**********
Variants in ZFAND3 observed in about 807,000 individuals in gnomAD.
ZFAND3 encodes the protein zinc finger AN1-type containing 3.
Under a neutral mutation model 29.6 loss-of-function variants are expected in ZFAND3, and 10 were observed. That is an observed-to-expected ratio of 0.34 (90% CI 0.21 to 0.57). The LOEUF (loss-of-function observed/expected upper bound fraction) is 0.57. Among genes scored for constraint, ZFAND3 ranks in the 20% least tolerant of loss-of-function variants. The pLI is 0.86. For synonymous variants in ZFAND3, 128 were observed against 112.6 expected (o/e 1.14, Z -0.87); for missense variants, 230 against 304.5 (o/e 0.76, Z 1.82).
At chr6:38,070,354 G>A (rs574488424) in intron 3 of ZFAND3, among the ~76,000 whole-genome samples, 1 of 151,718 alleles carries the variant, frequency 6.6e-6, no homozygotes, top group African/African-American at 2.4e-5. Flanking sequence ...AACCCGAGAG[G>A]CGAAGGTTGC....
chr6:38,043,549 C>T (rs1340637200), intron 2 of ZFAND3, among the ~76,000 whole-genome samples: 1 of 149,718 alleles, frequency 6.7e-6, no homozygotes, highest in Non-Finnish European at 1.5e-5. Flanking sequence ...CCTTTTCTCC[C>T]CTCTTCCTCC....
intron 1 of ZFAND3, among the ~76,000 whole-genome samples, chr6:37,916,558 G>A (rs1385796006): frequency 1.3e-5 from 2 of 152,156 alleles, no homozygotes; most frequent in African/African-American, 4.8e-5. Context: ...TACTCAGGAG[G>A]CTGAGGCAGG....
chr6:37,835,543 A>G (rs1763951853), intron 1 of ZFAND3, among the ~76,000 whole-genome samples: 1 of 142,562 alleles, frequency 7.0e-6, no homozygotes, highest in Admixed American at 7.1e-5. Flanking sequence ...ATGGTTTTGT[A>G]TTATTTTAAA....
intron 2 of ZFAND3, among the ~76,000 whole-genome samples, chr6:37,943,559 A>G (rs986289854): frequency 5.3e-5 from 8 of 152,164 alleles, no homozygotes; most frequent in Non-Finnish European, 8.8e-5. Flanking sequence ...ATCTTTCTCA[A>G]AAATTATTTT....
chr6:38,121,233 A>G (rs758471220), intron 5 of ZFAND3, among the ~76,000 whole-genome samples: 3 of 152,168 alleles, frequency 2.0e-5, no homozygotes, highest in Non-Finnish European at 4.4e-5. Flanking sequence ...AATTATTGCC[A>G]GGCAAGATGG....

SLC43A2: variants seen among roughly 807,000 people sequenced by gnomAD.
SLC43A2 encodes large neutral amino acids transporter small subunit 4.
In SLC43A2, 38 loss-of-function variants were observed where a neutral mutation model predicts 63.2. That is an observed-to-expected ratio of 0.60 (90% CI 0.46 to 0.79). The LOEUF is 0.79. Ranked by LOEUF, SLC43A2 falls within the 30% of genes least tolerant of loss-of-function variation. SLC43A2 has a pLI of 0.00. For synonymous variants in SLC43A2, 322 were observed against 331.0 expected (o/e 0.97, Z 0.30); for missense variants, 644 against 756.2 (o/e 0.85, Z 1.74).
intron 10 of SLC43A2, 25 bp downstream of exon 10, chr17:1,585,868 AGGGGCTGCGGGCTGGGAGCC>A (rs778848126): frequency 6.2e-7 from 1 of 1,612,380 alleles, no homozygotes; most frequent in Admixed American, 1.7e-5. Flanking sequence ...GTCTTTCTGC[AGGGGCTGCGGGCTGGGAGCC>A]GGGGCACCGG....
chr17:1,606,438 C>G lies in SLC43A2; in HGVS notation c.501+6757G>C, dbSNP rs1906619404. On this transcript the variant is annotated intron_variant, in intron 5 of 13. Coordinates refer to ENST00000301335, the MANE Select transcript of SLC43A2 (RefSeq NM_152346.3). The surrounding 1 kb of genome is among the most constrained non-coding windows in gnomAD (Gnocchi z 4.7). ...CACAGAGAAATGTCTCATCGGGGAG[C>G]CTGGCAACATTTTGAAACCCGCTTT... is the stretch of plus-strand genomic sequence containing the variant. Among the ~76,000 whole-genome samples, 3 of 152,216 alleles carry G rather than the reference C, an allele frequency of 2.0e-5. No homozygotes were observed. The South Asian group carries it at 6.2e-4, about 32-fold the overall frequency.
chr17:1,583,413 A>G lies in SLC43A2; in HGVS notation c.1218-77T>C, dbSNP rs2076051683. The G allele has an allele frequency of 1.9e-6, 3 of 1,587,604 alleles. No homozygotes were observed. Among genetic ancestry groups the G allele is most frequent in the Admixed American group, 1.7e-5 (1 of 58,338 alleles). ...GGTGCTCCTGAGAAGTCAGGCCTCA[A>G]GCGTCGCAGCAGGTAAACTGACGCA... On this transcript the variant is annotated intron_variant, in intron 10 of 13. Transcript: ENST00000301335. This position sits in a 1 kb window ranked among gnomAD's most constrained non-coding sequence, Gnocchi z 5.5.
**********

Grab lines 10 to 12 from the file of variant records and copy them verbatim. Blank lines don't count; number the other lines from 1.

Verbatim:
SLC43A2: variants seen among roughly 807,000 people sequenced by gnomAD.
SLC43A2 encodes large neutral amino acids transporter small subunit 4.
In SLC43A2, 38 loss-of-function variants were observed where a neutral mutation model predicts 63.2. That is an observed-to-expected ratio of 0.60 (90% CI 0.46 to 0.79). The LOEUF is 0.79. Ranked by LOEUF, SLC43A2 falls within the 30% of genes least tolerant of loss-of-function variation. SLC43A2 has a pLI of 0.00. For synonymous variants in SLC43A2, 322 were observed against 331.0 expected (o/e 0.97, Z 0.30); for missense variants, 644 against 756.2 (o/e 0.85, Z 1.74).